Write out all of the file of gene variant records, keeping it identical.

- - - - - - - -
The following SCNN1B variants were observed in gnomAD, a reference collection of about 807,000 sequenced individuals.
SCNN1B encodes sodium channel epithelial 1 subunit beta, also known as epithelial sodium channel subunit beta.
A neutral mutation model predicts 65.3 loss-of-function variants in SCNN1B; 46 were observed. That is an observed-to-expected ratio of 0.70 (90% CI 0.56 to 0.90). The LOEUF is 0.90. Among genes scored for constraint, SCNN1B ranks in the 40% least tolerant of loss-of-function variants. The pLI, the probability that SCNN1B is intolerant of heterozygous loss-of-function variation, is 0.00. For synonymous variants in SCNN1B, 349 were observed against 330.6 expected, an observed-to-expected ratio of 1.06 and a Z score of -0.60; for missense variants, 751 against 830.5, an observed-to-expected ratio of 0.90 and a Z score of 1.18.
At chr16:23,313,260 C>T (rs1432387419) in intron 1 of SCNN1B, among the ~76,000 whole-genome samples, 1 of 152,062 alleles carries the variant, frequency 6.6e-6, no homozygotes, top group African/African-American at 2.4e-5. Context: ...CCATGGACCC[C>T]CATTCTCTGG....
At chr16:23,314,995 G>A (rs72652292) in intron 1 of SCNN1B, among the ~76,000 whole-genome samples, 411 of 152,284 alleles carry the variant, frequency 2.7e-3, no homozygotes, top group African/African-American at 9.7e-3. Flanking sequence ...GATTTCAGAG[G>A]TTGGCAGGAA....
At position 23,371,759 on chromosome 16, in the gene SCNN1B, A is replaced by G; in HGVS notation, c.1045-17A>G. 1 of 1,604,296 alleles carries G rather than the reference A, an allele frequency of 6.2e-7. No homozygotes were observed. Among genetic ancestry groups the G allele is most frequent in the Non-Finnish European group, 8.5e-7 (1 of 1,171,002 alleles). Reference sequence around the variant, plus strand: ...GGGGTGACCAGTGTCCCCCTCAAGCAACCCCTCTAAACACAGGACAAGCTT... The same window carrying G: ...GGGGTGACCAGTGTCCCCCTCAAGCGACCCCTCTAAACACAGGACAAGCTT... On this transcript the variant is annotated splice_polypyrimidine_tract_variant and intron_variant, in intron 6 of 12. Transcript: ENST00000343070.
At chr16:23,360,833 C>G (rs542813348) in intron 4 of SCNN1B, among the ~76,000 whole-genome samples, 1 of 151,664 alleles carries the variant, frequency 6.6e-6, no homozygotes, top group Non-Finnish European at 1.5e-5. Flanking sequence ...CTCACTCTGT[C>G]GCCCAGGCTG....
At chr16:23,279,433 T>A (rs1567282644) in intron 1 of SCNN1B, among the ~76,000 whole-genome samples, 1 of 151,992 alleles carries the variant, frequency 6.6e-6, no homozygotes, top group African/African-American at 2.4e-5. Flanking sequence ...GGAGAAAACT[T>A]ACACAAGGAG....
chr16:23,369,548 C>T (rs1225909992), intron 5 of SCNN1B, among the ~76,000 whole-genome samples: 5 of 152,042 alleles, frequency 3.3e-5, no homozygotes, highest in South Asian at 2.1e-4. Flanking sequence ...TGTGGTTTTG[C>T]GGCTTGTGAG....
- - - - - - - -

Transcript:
The following SCNN1B variants were observed in gnomAD, a reference collection of about 807,000 sequenced individuals.
SCNN1B encodes sodium channel epithelial 1 subunit beta, also known as epithelial sodium channel subunit beta.
A neutral mutation model predicts 65.3 loss-of-function variants in SCNN1B; 46 were observed. That is an observed-to-expected ratio of 0.70 (90% CI 0.56 to 0.90). The LOEUF is 0.90. Among genes scored for constraint, SCNN1B ranks in the 40% least tolerant of loss-of-function variants. The pLI, the probability that SCNN1B is intolerant of heterozygous loss-of-function variation, is 0.00. For synonymous variants in SCNN1B, 349 were observed against 330.6 expected, an observed-to-expected ratio of 1.06 and a Z score of -0.60; for missense variants, 751 against 830.5, an observed-to-expected ratio of 0.90 and a Z score of 1.18.
At chr16:23,313,260 C>T (rs1432387419) in intron 1 of SCNN1B, among the ~76,000 whole-genome samples, 1 of 152,062 alleles carries the variant, frequency 6.6e-6, no homozygotes, top group African/African-American at 2.4e-5. Context: ...CCATGGACCC[C>T]CATTCTCTGG....
At chr16:23,314,995 G>A (rs72652292) in intron 1 of SCNN1B, among the ~76,000 whole-genome samples, 411 of 152,284 alleles carry the variant, frequency 2.7e-3, no homozygotes, top group African/African-American at 9.7e-3. Flanking sequence ...GATTTCAGAG[G>A]TTGGCAGGAA....
At position 23,371,759 on chromosome 16, in the gene SCNN1B, A is replaced by G; in HGVS notation, c.1045-17A>G. 1 of 1,604,296 alleles carries G rather than the reference A, an allele frequency of 6.2e-7. No homozygotes were observed. Among genetic ancestry groups the G allele is most frequent in the Non-Finnish European group, 8.5e-7 (1 of 1,171,002 alleles). Reference sequence around the variant, plus strand: ...GGGGTGACCAGTGTCCCCCTCAAGCAACCCCTCTAAACACAGGACAAGCTT... The same window carrying G: ...GGGGTGACCAGTGTCCCCCTCAAGCGACCCCTCTAAACACAGGACAAGCTT... On this transcript the variant is annotated splice_polypyrimidine_tract_variant and intron_variant, in intron 6 of 12. Transcript: ENST00000343070.
At chr16:23,360,833 C>G (rs542813348) in intron 4 of SCNN1B, among the ~76,000 whole-genome samples, 1 of 151,664 alleles carries the variant, frequency 6.6e-6, no homozygotes, top group Non-Finnish European at 1.5e-5. Flanking sequence ...CTCACTCTGT[C>G]GCCCAGGCTG....
At chr16:23,279,433 T>A (rs1567282644) in intron 1 of SCNN1B, among the ~76,000 whole-genome samples, 1 of 151,992 alleles carries the variant, frequency 6.6e-6, no homozygotes, top group African/African-American at 2.4e-5. Flanking sequence ...GGAGAAAACT[T>A]ACACAAGGAG....
chr16:23,369,548 C>T (rs1225909992), intron 5 of SCNN1B, among the ~76,000 whole-genome samples: 5 of 152,042 alleles, frequency 3.3e-5, no homozygotes, highest in South Asian at 2.1e-4. Flanking sequence ...TGTGGTTTTG[C>T]GGCTTGTGAG....